BOOKING CONTACT: DIANE@EPICINDY.COM
THE ABANDONED MIGRANT FARM WORKER BOY WHO BECAME A DOCTOR
RAMON RISING PREVIEW 4K | Includes interviews with: Ramon Resa, MD, film subject, Dan Lowenstein, MD – Executive Vice Chancellor & Provost at UCSF, Professor and Vice Chairman in the UCSF Department of Neurology & Executive Producer, Diane Wagner.
ONE OF THE MOST INSPIRING AND TIMELY STORIES AUDIENCES WILL HEAR
Dr. Resa is a full-time practicing pediatrician, author, speaker and the subject of the upcoming documentary entitled RAMON RISING (watch the 3-minute preview on https://ramonrising.film/teaser/). He speaks before corporations, non-profits, at-risk students at all levels, educators and medical professionals. Making audiences laugh and cry, his talks bring inspiration, hope and empowerment to all who hear it. Audience members take away a new certainty they too can make their lives, workplaces and communities better.
Ramon was 2 years old when given away by his mother to a farm working couple in Central Valley, California. He was raised as one of 15 children in their two-room house and grew up in severe poverty, neglect and abuse. From early childhood on, Ramon was hired out to perform back-breaking farm labor with any earnings going to his so-called guardians.
It was Ramon’s second grade teacher who explained that he didn’t have to be a farm worker for the rest of his life. She encouraged him to get a college education, mentioning that with a degree he could choose any career he wanted. Her words gave Ramon hope for the first time in his young life and he set his sights on making it to college. Ramon’s journey out of the fields was nearly cut short by staggering adversity. He had a speech impediment, suffered bouts of severe depression, faced racial discrimination in school and fierce opposition from his guardians who forbade him to go to college insisting he get a job after high school and support them.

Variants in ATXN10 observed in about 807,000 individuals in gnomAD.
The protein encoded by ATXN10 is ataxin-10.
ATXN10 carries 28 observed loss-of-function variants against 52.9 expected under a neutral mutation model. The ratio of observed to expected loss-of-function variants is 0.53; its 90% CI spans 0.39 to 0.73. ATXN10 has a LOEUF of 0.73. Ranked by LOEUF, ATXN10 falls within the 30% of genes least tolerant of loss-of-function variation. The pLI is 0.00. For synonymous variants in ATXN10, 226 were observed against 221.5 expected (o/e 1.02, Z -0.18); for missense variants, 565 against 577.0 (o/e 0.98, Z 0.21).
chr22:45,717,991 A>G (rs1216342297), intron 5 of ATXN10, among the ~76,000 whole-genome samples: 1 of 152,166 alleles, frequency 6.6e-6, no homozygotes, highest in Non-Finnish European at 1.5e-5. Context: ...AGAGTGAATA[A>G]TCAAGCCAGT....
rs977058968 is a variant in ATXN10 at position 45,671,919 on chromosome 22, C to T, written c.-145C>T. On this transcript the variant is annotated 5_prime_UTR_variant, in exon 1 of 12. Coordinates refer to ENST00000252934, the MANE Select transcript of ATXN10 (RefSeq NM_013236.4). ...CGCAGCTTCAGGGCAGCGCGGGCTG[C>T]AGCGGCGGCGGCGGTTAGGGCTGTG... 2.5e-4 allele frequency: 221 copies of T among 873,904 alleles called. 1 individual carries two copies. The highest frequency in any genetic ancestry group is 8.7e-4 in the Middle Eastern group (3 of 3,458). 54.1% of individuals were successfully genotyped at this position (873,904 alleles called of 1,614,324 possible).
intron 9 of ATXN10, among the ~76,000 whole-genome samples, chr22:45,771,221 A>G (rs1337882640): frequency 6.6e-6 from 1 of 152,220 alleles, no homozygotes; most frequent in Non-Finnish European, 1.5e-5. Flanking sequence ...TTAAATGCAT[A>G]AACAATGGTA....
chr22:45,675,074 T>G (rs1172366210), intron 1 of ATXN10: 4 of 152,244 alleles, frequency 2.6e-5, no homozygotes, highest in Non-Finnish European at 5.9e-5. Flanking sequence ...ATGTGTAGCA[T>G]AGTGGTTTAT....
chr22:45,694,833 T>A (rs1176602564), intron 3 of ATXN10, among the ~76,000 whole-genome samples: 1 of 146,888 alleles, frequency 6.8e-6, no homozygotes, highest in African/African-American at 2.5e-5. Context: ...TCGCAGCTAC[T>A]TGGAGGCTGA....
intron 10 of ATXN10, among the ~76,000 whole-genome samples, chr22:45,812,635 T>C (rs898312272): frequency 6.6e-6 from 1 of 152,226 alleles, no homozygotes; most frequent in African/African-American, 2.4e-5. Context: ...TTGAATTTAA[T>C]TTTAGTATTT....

Despite his Dickensian childhood and against all odds Ramon made it through college and medical school. When he received his license to practice medicine, Dr. Resa returned to the same area of Central Valley where he grew up and went to work as a pediatrician. For over 30 years he’s provided care for children of migrant farm working children like he once was. Dr. Resa is living proof to his young patients that they too can make a better future for themselves. His life’s a testament to the universal truth that every child, including an abandoned migrant farmworker boy with a speech impediment, no family, and zero resources has the potential to become a valuable, contributing member of our society.
Ramon Resa, MD is a husband and father who lives with his wife of 40 years, Debbie, who is an artist. They have two grown children: Marina (a therapist and an actress in Hollywood) and Josh (a Stanford, UCSF and Brown University graduate who is currently a pediatric oncologist at Sloan Kettering). Ramon is a passionate golfer and enjoys vacationing at his second home in New Mexico.
Ramon’s is the story of human potential, the unique personal potential that exists within us independently from any external source. You aren’t limited by your age, your health, your relationships, or your finances nearly as much as your unwillingness to dream and persist … Ramon is a unique and gifted individual with an important place in history. His legacy will be felt for many generations, maybe even forever.
JIM CATHCART – Author, The Acorn Principle
INSPIRATION TO DARE DREAM OF A BETTER LIFE
- Inspire and motivate first-generation students of all backgrounds to dare dream of a better life.